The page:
For functional testing, I've used soapUI and WFetch. WFetch has worked well for the most part, soapUI is great, although doesn't seem to handle kerberos, by which most of the web services that I need to test are protected. For just manual, soapUI has normally been my clear winner. When it comes to automation, I'll admit, I found soapUI rather confusing ...


2

I'm not sure it's directly relevant or an option for you, but this post on SO suggests that Hudson is a good option. And for good measure, here's a direct Hudson CI link.


2

First of all I would recommend to read about the Testing Pyramid (if you do not know it yet); in a nutshell, do not create more than 10% GUI Tests. Furthermore, I recommend these two articles from Gojko Adzic:Ui Testing without shooting yourself and Effective User Interface Testing In our current project we (unfortunately) have a lot of GUI Tests. What ...


2

I worked for a SEO company in 2004. Our target was to get natural/organic search results on the first or second page of Google for the targeted key phrases (Natural/organic search results are the regular search results, not the ones sponsored by Google Ad Words). The company was a start-up and decided to focus on Google only since it had more than 80% of the ...


1

Just a comment, no matter how many documents are written for developers about producing testable code, the code will still not be testable, until developer tries to write some automation for his code. IMHO, spending half a day when dev sits side by side with a person who knows how to use one of the UI automation frameworks and trying to write some automation ...


1

Overall best practices for testability is difficult, since that could involve whether the code "hides" defects (e.g. race conditions causing intermittent threading issues or difficult corner case issues). Usually testability goes hand in hand with good development practices: well documented code, following a coherent coding style standard, and good ...


1

The page object pattern is a pretty simple concept, not nearly enough meat on it for an entire book, although I could definitely see a book about UI automation that included it. This blog post has some good information about it: http://selenium-tutorial.blogspot.com/2012/06/webdriver-page-objects-pattern.html As for other best practices, see this answer ...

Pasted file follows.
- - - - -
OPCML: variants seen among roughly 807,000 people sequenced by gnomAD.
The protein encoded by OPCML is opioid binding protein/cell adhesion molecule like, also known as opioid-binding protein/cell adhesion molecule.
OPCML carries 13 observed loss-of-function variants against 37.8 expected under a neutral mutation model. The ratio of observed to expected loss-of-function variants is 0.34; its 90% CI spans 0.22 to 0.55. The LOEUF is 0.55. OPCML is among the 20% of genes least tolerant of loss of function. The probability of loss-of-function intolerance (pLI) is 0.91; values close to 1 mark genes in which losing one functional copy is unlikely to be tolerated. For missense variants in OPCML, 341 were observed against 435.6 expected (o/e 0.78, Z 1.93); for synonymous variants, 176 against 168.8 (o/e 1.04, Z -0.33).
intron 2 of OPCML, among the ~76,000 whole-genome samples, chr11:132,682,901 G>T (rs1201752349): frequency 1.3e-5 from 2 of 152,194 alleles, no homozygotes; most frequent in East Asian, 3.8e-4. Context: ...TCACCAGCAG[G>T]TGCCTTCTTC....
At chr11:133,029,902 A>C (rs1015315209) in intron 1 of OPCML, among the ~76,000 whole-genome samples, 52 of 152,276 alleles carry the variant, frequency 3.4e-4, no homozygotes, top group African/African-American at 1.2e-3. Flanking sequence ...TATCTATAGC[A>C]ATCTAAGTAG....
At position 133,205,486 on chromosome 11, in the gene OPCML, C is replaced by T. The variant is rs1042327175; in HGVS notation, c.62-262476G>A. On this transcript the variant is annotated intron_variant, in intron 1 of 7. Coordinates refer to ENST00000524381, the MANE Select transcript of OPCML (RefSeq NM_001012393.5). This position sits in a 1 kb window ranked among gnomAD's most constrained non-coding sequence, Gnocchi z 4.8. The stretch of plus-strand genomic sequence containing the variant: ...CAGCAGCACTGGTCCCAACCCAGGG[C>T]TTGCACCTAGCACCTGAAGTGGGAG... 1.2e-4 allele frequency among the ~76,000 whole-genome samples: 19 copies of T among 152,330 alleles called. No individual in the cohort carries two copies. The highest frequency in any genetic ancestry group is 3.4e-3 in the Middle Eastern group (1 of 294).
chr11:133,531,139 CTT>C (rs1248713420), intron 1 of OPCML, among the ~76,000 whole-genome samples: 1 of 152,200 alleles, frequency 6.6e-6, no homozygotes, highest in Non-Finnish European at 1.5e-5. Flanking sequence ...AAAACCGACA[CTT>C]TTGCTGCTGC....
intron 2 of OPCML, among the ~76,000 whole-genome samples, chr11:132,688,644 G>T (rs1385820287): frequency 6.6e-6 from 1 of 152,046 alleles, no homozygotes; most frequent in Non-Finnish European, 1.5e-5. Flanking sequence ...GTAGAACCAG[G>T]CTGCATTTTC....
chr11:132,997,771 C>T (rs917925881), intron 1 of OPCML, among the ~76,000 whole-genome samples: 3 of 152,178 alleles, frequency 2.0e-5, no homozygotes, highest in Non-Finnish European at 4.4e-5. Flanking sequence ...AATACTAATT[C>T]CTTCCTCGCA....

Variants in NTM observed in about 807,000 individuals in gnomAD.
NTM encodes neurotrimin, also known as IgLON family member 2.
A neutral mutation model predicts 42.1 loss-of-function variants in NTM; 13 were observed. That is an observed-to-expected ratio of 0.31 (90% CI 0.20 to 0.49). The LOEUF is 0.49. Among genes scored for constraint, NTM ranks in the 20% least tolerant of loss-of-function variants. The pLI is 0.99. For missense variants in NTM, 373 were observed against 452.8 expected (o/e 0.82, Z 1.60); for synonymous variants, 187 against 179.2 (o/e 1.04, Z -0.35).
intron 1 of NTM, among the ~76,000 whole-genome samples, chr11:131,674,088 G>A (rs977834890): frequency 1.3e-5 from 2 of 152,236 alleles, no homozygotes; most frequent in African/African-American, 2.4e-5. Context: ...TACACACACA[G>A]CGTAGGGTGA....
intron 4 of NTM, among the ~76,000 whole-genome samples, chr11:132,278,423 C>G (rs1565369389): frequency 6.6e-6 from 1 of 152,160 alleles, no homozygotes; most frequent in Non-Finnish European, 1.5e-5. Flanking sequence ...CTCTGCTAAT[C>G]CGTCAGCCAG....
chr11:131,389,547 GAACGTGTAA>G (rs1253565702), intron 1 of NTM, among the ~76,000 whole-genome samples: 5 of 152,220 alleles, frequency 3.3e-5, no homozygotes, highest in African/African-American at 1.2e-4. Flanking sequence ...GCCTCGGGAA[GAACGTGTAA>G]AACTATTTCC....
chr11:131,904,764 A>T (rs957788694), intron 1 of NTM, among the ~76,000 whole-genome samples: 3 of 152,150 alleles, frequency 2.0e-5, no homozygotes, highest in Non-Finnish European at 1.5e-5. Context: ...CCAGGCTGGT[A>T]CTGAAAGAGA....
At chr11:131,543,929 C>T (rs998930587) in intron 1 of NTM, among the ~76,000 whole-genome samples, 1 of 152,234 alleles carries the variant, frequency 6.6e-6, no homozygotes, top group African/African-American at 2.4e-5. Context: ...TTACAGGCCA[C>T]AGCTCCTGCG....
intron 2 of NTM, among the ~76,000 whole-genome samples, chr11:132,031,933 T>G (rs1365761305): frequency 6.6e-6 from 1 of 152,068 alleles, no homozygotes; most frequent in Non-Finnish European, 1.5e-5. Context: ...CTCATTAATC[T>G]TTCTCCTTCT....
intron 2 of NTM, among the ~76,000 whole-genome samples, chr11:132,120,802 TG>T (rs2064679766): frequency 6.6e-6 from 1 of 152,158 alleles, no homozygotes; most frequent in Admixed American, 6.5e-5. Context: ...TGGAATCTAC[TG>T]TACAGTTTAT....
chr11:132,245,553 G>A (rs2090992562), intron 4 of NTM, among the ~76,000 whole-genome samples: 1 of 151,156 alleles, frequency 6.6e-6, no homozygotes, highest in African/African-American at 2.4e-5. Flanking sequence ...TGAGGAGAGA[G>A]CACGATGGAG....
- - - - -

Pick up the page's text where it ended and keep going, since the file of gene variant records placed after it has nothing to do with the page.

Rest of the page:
1

Actually, the question how to test search engines is part of information retrieval (IR) problem. I will list just a few approaches how they can be evaluated/tested. Traditional IR approach One way in traditional IR is to prepare test setup, including: Candidate queries Dataset of indexed pages Expected result set (included expected ranking) for each ...


1

You could try configuring IE so it does not display those troublesome modal boxes. Otherwise, you might try scripting the relevant parts with the modal dialog manually with the help of the locator spy. Edit: With newer versions of Silk Test you can enable Accessibility support for IE, which will enable Silk Test to recognize those little overlays at the ...


1

RTL (right to left) or bi-directionality is a property of the textbox or edit control. The Turkish "i" issue is an common character mapping problem in ANSI encodings or thinking between Unicode and ANSI. There are several important things to check for Unicode support such as - Test using Unicode only language families such as the Indic languages - Test for ...


1

You need to give more details. What language/platform? Is there a database involved? Did you test RTL languages such as Hebrew? Did you take the "Turkey Test": http://www.codinghorror.com/blog/2008/03/whats-wrong-with-turkey.html